I took part in the "Meet a Scientist" portion of the festivities. Carrying around my lion skull instead of a protest poster was a great conversation starter. I talked to a lot of people about conservation, lions, bones, genetics, graduate school, etc. I passed my card out to teachers who were interested in having scientists come talk to their students and ended up having a great conversation about Conservation Genetics with someone who said they had never heard of it before. It was exhausting but I had a lot of fun.
Once upon a time, scientists had faith in their president and government. They believed they were advocates of progress and defenders of the planet. These days, massive cuts to funding, freezes in government agencies employing scientists, and attacks on facts have caused a lot of doubt in our government and it's relationship with science.
Yesterday was Earth Day and thousands of scientists WORLDWIDE marched to show solidarity for the importance of science. I attended the Bryan/College Station March for Science which was small but did a great job of including the local community. As one of the largest research universities in the United States, Texas A&M University does a lot of ground breaking research but most of the community probably doesn't know much about it unless they are directly associated with it in some way. After the march we had a Science Town Hall. There were science demos, the opportunity to "Meet a Scientist" and talks on how science is a part of everyone's life.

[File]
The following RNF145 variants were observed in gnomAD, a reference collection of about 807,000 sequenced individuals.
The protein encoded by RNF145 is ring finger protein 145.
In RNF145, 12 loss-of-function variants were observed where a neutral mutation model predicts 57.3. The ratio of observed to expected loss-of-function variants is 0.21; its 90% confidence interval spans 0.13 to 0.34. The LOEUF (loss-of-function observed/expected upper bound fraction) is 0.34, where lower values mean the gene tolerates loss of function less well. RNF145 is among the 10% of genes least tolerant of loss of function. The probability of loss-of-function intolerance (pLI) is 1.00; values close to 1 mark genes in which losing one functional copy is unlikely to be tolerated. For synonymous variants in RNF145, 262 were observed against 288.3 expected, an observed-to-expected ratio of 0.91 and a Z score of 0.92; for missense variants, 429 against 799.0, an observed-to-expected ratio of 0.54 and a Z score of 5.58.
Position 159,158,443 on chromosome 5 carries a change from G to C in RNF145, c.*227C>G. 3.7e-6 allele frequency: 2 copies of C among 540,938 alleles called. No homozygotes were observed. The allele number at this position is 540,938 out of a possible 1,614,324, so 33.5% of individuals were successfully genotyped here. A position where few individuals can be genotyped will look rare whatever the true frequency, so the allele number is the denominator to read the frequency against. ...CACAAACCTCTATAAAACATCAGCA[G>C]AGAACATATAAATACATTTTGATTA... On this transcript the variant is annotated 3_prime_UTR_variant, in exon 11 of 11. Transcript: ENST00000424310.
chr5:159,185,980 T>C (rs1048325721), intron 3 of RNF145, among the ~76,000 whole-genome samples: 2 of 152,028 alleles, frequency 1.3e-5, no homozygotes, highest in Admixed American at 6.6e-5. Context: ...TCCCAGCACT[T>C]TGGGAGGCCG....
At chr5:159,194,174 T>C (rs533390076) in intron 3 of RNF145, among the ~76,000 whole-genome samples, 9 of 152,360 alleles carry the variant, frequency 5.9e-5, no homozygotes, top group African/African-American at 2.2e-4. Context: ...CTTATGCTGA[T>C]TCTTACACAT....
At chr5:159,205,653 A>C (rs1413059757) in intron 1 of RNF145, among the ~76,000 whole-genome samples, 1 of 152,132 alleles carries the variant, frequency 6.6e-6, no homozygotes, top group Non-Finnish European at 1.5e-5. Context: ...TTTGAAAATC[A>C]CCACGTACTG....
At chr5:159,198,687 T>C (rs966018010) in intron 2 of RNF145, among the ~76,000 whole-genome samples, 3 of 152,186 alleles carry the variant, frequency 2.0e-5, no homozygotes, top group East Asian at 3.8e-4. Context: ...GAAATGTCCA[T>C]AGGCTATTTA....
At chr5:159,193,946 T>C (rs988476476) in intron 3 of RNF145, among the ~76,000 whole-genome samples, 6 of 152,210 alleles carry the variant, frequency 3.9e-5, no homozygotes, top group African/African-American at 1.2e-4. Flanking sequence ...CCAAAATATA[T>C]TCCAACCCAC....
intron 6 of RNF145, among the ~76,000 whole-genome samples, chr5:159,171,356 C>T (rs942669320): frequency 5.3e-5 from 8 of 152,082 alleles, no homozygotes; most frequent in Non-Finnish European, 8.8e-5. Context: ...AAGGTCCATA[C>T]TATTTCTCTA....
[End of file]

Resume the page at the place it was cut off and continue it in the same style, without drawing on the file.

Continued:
I think our little event was a success. And, as for the marches around the globe, I don't know how much it will effect policy, but it got people excited about science. And support from the public is just as crucial to policy as support from politicians, as one can lead to the other.